Monday, October 20, 2003

L.A. Strikes Over Health Care: The Hidden Issues

It always amazes me, although it really shouldn't after all of these years, how there can be so many news stories over a strike and many of the main issues still get lost.

For example, reading most news articles, one might think that three Southern California grocery chains are on strike. Actually, however, only Vons is on strike. In a show of management solidarity, Albertsons and Ralphs have locked their workers out.

The other piece of missing information is what the fight is really about. To read most of the papers, one would think that the strike is over a simple $5 co-payment and $15 a week for family coverage that the companies want to impose. BUT
On the surface, the changes proposed to the grocery workers' health benefits appear minimal: Where employees now pay no contributions to their health care premiums, they would have to contribute $5 per week per employee for single coverage, and $15 per week per employee for family coverage.

This is the only thing employees are directly being asked to pay, said Stacia Hill Levenfeld, a spokeswoman for Albertsons. She said no other changes were written into the proposed contract, which has not been disclosed.

But it's not the $5 or $15 a week the workers are striking over, said Mickey Kasparian, president of UFCW Local 135 in San Diego. What the union disagrees with, he said, are costs that would result from lowered employer contributions into a trust fund that pays for insurance premiums.

"This is not about us being stubborn and walking on a picket line for five bucks a week," Kasparian said. "It has to do with the entire cost of the plan."

According to Kasparian, the grocery stores now pay $3.78 into the employees' insurance fund for each hour an employee works. But he said the rejected proposal called for lower contributions for new hires, reducing them to $1.35 per hour.

As new employees are hired over the three-year contact, Kasparian said, that would reduce the fund to around 50 percent of its current worth. He said that would eventually force the chains to cut back on benefits and go with more bare-bones insurance options. These would most likely carry with them higher co-payments for out-of-pocket expenses such as office visits, prescription drugs and hospitalization.

Other cuts would also have to be made, Kasparian said, including the elimination of some of the health plans that union members choose from.
How most Americans would know this without reading several newspapers is beyond me. It's not beyond me, however, how too many Americans still view unions as selfish and unreasonable.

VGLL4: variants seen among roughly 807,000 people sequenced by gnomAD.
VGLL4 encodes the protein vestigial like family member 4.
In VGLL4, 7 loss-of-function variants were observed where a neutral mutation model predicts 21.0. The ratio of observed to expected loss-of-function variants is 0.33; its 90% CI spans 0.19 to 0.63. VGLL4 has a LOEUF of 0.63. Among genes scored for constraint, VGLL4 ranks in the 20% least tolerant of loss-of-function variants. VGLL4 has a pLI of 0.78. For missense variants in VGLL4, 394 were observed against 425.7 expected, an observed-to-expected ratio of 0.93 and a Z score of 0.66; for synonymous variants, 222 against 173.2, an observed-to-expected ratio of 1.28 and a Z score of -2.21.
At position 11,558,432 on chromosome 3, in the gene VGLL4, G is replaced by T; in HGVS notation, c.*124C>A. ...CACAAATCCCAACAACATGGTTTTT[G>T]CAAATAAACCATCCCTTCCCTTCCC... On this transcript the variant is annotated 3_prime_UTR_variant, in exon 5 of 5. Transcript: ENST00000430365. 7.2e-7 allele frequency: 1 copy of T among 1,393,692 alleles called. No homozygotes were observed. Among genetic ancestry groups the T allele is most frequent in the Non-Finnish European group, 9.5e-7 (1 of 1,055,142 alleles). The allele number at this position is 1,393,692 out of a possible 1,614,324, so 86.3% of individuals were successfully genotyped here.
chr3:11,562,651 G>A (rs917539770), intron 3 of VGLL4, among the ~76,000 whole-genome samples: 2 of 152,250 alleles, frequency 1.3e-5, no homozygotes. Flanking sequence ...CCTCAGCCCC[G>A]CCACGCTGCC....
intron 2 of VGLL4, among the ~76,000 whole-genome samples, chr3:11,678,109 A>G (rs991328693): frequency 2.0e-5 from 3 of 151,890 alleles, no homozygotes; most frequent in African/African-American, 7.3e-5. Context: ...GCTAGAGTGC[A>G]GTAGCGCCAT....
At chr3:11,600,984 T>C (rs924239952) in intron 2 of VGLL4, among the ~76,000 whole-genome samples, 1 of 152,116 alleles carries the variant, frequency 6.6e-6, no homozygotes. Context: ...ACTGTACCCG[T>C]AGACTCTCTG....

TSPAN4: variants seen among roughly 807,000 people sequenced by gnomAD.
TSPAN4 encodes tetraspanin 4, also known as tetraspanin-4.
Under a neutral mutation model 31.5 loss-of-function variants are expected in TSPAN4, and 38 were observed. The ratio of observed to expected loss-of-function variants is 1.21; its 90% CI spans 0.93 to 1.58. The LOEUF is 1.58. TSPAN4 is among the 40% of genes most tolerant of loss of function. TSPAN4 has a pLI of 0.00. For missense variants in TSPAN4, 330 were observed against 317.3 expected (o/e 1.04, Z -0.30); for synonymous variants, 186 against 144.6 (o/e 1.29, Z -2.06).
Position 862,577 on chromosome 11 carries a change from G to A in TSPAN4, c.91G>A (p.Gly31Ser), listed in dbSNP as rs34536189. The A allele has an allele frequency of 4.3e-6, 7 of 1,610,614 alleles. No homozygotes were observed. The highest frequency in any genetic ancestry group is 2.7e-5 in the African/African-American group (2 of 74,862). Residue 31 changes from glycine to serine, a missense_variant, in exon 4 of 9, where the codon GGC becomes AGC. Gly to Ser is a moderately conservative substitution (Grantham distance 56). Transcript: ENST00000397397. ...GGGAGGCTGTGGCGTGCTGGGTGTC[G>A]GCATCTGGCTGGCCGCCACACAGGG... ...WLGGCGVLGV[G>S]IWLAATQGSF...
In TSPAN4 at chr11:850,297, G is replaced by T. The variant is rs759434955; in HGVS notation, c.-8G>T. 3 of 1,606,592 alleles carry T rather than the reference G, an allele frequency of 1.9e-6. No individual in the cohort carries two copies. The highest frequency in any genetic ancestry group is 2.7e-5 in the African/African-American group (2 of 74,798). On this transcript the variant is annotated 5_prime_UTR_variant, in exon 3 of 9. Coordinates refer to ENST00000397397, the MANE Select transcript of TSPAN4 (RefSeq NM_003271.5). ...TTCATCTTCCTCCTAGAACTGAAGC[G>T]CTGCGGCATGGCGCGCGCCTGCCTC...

And then there's this. The supermarkets justify their hardline on the fact that Valdemort's Wal-Mart's coming. (See posting immediately below.) While it's true that Wal-Mart's growth has threatened supermarket chains (and workers) in many parts of the country, the spectre of Wal-Mart may serve as a convenient excuse for many companies' self-inflicted wounds:
The supermarket companies have all been warned by Wall Street to get their costs under control or risk seeing their stocks shunned like sour milk. But other than Kroger, whose management appears to be widely admired by investors, the companies have been struggling with self-inflicted wounds. Safeway has been dealing for years with the results of a series of mismanaged acquisitions it made across the country and with the aftermath of a 1986 leveraged buyout, which saddled the company with debt. Albertsons, whose operational systems are less efficient than those of its rivals, has been a chronic also-ran behind its two big rivals in many cities where all three compete.

These ills hobbled Albertsons and Safeway when the economy turned down. By some measures, in fact, most of the companies' losses of revenue over the last couple of years can be blamed on the recession, which discourages the purchase of high-profit goods such as fine wines and specialty foods. "If you look at comparable-store sales among food retailers today," Mark Husson, a supermarket analyst for Merrill Lynch, told the trade magazine Supermarket News last month, "if they're down 2%, I think 1.5% of that is due to the economy."

That suggests that the Wal-Mart issue is merely a convenient stalking horse for labor concessions the supermarkets would be asking for anyway. Although Wal-Mart has announced plans to create 40 California "supercenters," the behemoths that include grocery departments, none has been built in the state and the schedule for a rollout is murky.
To get more information from the horse's mouth, check out the workers' strike page here.